[798 P.2d 854] and said she would not get hurt if she complied. She gave him about $250. He then backed out of the store at an angle, watching and pointing the gun at her the entire time. Five to ten seconds after defendant had passed through the doorway, Weisz heard a gunshot. She then heard the sound of tires on the gravel parking lot. Weisz locked the door and called her boss.

Shortly after 9 p.m., a patrol car stopped defendant in his truck a few miles from Forest Falls. He was arrested and taken to the sheriff's station, where approximately $250 in cash was found on his person. A blood test administered at 11:09 p.m. showed a .10 percent blood-alcohol level. Expert testimony established that depending upon various factors--such as the rate of alcohol absorption and burnoff, body weight, and drinking pattern--defendant's blood-alcohol level near the time of the initial stop could have been lower than .10 percent or higher than .14 percent.

Pursuant to a warrant, officers searched defendant's truck and found a loaded 20-gauge, sawed-off shotgun on the floor of the passenger compartment and several live rounds of 20-gauge ammunition in the glove compartment. A pack of Camel cigarettes and an empty Budweiser beer bottle were also seized from the truck.

An expert criminalist tested defendant's shotgun and ammunition, and opined that the trigger responds to "average" force; it is neither "hard" to pull nor a "hair trigger." The witness also testified that based on "shot pattern" comparisons, McCafferty was standing six to nine feet from the end of the barrel at the time the gun was fired. The pathologist who performed the autopsy on McCafferty confirmed that the neck wound was inflicted at "close range," but that the gun was "not held directly against the body" at the time.

The day after the crimes, defendant was placed in a county jail cell with Jimmy DeLoach, who was awaiting sentencing following extradition from Georgia on an escape charge. They shared the cell for approximately three weeks, and purportedly spoke many times about defendant's crimes.

DeLoach testified that defendant made the following statements about the Goforth assault: defendant drove his truck to a man's house to collect on a debt, but was told by a woman that the man was not there. Defendant replied, "Well, okay, tell him this." Defendant grabbed a shotgun from inside the truck and shot at the woman. Defendant "blew the wall away," and did not know "how in the world [he had] missed her."

DeLoach testified that defendant described the Elkhorn store robbery as follows: defendant held the shotgun to the clerk's face and said, "Pop the cash register. Give me nothing but big bills." Defendant took the money, backed out of the store, and heard a man behind him ask, "What [are] you doing?" Defendant turned around, and "blew him away." Defendant did so in order to eliminate a "possible witness" to the robbery. Defendant started to reenter the store to kill the clerk for the same reason, but knew that the shotgun blast had probably attracted attention and that he should leave the area "real quick." After driving in a direction away from Yucaipa for 25 to 30 minutes, defendant turned around and came back because he wanted to kill the woman he had shot at earlier (Goforth). He was stopped by a sheriff's "roadblock" en route to her house. Defendant thought about "shoot[ing] it out According to DeLoach, defendant said he was planning to present a defense that he had been drinking beer all day even though he had actually consumed only a couple of cans of beer before the crimes and was not drunk. In the alternative, defendant purportedly was considering a claim of "self-defense," i.e., that McCafferty "grabbed the barrel of the shotgun" and it "accidentally went off."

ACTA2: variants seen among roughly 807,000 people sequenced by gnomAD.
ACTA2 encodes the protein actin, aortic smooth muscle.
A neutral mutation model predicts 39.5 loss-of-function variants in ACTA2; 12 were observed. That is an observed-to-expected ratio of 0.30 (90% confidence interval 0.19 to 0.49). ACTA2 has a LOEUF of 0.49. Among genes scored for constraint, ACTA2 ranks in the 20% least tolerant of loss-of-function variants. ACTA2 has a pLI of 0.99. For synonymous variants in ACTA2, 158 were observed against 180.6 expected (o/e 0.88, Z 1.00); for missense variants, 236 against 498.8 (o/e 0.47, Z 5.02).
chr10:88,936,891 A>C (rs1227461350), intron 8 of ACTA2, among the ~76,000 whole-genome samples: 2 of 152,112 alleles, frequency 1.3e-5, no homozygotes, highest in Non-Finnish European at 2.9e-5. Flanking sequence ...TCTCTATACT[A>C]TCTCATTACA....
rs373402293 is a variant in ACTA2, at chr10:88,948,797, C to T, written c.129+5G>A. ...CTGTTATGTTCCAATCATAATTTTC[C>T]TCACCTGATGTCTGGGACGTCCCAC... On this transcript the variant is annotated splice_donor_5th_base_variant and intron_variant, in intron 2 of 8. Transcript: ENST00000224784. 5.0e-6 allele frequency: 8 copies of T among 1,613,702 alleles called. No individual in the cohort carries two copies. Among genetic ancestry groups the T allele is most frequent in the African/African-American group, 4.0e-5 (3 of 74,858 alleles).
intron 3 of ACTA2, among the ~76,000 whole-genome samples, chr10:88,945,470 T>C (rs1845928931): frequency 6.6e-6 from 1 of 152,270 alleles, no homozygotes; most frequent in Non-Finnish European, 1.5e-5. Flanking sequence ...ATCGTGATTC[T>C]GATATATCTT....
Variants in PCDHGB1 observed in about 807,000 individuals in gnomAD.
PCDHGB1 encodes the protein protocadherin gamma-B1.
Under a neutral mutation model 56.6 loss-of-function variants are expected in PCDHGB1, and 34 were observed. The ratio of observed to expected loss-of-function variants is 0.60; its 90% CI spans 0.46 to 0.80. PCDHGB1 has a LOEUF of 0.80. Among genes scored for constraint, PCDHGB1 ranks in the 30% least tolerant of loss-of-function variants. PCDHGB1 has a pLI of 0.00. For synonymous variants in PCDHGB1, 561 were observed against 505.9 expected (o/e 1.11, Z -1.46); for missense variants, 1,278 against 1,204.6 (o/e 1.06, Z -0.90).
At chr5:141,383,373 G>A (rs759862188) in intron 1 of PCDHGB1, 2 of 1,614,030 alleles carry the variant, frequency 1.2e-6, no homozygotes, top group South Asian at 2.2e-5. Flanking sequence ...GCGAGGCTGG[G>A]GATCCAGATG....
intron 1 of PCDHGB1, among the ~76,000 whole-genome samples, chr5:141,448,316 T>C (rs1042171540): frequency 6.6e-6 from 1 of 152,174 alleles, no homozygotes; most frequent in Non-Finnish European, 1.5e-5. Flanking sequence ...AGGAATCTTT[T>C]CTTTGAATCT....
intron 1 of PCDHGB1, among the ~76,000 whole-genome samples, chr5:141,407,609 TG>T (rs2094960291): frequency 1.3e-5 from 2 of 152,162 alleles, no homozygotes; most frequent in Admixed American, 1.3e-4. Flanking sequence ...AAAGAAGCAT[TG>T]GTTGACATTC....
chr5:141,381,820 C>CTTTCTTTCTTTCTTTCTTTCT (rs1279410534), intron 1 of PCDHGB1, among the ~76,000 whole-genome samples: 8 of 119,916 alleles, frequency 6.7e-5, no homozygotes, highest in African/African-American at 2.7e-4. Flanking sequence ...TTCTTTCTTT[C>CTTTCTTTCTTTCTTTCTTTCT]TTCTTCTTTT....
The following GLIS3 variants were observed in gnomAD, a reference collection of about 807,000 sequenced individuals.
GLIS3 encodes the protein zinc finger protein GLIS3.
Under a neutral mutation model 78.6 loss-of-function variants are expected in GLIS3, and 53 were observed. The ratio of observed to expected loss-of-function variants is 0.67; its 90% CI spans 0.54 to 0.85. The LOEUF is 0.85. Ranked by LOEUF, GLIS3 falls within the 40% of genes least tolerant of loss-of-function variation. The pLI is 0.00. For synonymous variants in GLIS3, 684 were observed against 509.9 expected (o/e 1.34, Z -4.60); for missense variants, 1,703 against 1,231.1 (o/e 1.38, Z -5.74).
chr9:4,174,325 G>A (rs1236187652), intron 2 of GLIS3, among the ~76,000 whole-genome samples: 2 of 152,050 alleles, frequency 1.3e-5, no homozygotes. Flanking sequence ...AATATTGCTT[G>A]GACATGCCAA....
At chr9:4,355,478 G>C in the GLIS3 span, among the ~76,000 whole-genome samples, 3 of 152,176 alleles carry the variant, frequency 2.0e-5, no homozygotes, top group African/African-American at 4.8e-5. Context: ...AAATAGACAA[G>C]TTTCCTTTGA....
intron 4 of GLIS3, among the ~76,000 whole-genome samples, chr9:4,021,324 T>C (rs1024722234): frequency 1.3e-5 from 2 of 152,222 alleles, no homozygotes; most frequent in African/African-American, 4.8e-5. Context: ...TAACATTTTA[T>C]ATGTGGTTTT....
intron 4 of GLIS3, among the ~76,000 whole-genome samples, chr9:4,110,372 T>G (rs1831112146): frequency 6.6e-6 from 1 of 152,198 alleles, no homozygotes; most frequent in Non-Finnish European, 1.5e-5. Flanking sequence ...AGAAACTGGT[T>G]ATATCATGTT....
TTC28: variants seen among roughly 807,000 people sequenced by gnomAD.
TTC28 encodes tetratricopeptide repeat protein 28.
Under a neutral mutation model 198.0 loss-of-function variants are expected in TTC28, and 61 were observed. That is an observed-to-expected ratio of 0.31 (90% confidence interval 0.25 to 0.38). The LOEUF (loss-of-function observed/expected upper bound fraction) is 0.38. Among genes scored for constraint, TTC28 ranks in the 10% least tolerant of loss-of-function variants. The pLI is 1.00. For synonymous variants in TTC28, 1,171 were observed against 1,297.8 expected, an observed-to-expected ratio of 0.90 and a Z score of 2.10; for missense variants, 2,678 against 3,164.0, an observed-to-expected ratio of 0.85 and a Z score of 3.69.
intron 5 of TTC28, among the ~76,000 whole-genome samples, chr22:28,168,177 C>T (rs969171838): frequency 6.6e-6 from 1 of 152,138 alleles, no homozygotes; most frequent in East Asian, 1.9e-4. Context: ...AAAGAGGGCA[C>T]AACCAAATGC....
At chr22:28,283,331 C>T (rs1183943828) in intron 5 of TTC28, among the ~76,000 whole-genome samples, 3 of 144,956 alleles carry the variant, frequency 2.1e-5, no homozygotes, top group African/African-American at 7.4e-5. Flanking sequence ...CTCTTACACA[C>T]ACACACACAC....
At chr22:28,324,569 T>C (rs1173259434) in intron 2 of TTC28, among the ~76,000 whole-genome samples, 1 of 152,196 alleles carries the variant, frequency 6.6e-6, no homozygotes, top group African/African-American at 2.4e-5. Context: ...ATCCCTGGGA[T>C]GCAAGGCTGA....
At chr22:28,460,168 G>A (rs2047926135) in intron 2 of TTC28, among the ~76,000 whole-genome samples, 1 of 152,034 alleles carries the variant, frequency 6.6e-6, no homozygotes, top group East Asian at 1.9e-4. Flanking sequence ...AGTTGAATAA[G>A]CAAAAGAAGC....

[798 P.2d 855] with them," but knew he was "outnumbered."

The defense presented no evidence at this phase of the proceedings.

B. Penalty Retrial

The prosecution introduced a certified copy of defendant's 1974 robbery conviction. At the prosecutor's request, the court instructed the jury that defendant had pled guilty in the instant case to one count of possession of a firearm by an ex-felon.

Defendant, who was 30 years old at the time of the crimes, introduced evidence describing his life from childhood through residence on "Death Row" at San Quentin.

Defendant's father Edgar, a retired battalion chief for the Los Angeles County Fire Department, testified that defendant was born with a congenital heart problem which required three hospitalizations and regular medical attention during childhood. Defendant has an older brother and younger sister. As youngsters, all three children were "close" to their mother, who did not work outside the home. Edgar described the family as having a "normal middle class" life, which included regular outdoor camping and recreation trips.

Edgar recalled that defendant graduated from high school with...